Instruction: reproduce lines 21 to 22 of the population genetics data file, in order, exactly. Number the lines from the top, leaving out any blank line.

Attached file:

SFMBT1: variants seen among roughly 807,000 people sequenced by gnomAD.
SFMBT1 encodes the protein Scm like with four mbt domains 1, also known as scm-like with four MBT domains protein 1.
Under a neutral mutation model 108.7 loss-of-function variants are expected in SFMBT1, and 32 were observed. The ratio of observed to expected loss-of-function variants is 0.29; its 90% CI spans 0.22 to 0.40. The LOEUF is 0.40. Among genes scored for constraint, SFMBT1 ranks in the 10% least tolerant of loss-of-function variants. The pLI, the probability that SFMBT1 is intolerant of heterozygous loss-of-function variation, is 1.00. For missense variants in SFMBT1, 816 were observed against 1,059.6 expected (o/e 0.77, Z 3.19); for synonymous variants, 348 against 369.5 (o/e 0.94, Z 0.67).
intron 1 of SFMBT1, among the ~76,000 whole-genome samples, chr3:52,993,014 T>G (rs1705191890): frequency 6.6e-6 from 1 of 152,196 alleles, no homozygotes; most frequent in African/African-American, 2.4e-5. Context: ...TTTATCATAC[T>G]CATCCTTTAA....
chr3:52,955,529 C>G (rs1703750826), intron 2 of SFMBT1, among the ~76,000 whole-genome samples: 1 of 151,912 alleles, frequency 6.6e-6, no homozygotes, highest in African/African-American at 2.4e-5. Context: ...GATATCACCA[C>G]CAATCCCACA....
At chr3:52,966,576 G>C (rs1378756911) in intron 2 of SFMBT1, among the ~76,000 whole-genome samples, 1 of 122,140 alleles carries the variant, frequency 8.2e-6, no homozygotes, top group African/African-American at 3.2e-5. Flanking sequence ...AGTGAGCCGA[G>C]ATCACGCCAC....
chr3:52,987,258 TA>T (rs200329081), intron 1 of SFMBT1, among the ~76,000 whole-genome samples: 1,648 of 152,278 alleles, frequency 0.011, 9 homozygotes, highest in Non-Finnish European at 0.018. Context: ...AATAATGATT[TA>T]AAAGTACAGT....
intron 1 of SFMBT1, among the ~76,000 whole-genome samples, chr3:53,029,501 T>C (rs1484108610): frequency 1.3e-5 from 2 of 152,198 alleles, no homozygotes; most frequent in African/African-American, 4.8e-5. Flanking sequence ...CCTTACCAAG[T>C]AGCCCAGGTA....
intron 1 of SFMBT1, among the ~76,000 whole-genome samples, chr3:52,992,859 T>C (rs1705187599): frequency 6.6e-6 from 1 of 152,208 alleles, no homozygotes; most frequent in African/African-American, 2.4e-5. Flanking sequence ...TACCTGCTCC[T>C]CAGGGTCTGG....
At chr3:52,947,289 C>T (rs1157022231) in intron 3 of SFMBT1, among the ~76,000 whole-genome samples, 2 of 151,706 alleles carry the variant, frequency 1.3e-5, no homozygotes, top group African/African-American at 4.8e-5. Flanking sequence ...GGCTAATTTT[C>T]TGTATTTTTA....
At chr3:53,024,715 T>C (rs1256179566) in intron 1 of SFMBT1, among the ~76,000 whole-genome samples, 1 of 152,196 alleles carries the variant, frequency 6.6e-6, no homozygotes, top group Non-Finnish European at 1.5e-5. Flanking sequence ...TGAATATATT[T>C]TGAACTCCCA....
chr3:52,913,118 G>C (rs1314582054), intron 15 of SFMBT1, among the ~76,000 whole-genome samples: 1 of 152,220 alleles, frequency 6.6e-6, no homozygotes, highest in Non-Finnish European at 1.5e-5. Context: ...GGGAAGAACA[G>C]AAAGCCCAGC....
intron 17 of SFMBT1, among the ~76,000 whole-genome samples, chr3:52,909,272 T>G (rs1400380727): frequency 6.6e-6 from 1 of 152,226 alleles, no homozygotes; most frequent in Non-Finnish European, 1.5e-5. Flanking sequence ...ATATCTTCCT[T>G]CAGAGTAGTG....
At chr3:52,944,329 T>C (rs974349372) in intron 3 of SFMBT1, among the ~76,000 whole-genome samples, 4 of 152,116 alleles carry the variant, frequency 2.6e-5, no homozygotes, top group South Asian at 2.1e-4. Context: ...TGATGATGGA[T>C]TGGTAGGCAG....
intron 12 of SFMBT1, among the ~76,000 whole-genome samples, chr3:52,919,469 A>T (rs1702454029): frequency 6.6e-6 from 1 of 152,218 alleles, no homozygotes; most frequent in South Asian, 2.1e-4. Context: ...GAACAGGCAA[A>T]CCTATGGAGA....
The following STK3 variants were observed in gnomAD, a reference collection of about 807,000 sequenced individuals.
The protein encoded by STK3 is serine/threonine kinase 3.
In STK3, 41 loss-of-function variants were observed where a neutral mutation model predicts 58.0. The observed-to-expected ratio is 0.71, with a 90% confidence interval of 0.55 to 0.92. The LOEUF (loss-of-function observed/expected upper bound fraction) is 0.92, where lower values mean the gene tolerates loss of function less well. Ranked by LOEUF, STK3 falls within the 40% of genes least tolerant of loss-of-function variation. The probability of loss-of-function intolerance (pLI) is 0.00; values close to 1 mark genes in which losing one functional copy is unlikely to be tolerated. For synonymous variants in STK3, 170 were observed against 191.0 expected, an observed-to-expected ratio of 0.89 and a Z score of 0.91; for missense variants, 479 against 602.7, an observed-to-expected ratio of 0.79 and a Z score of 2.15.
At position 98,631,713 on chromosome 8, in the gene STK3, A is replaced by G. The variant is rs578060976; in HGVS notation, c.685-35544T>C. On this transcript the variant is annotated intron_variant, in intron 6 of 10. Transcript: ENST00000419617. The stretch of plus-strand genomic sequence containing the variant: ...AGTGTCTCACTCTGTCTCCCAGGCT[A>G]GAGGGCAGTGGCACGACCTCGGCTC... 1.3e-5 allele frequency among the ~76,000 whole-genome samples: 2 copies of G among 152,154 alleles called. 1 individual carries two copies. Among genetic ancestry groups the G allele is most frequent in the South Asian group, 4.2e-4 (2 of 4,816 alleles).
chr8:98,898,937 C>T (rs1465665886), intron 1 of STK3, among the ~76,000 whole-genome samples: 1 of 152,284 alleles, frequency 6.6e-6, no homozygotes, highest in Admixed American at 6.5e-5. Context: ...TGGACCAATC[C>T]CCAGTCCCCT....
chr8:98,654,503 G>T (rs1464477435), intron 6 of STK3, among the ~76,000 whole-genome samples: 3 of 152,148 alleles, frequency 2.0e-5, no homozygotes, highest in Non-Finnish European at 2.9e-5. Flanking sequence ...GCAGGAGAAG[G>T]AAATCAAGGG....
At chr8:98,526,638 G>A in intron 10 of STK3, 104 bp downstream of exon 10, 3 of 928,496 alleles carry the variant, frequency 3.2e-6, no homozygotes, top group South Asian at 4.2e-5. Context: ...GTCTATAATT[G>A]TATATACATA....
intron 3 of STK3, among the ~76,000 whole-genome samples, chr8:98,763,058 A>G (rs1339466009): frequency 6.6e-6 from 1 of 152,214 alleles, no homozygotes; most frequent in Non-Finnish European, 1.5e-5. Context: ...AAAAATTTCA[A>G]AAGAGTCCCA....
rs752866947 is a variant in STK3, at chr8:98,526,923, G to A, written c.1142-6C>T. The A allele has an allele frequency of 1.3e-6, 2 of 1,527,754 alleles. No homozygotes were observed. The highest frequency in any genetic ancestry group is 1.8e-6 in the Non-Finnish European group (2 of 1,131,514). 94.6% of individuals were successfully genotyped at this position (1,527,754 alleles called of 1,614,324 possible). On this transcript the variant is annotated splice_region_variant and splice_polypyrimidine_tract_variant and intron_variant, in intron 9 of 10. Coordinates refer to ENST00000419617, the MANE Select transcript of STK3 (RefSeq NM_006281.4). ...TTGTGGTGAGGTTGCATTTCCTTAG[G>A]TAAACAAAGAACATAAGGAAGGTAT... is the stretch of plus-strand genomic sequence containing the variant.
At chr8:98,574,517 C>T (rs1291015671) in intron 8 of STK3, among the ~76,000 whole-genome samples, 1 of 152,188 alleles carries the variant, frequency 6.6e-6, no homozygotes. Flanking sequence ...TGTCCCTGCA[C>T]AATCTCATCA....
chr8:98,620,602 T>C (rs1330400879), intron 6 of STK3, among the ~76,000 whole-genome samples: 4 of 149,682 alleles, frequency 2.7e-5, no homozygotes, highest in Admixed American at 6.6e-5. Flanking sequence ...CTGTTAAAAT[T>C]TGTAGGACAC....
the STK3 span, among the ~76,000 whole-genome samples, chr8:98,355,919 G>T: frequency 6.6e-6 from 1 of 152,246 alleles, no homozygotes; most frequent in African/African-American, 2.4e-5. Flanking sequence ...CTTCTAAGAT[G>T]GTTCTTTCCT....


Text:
chr8:98,654,503 G>T (rs1464477435), intron 6 of STK3, among the ~76,000 whole-genome samples: 3 of 152,148 alleles, frequency 2.0e-5, no homozygotes, highest in Non-Finnish European at 2.9e-5. Flanking sequence ...GCAGGAGAAG[G>T]AAATCAAGGG....
At chr8:98,526,638 G>A in intron 10 of STK3, 104 bp downstream of exon 10, 3 of 928,496 alleles carry the variant, frequency 3.2e-6, no homozygotes, top group South Asian at 4.2e-5. Context: ...GTCTATAATT[G>A]TATATACATA....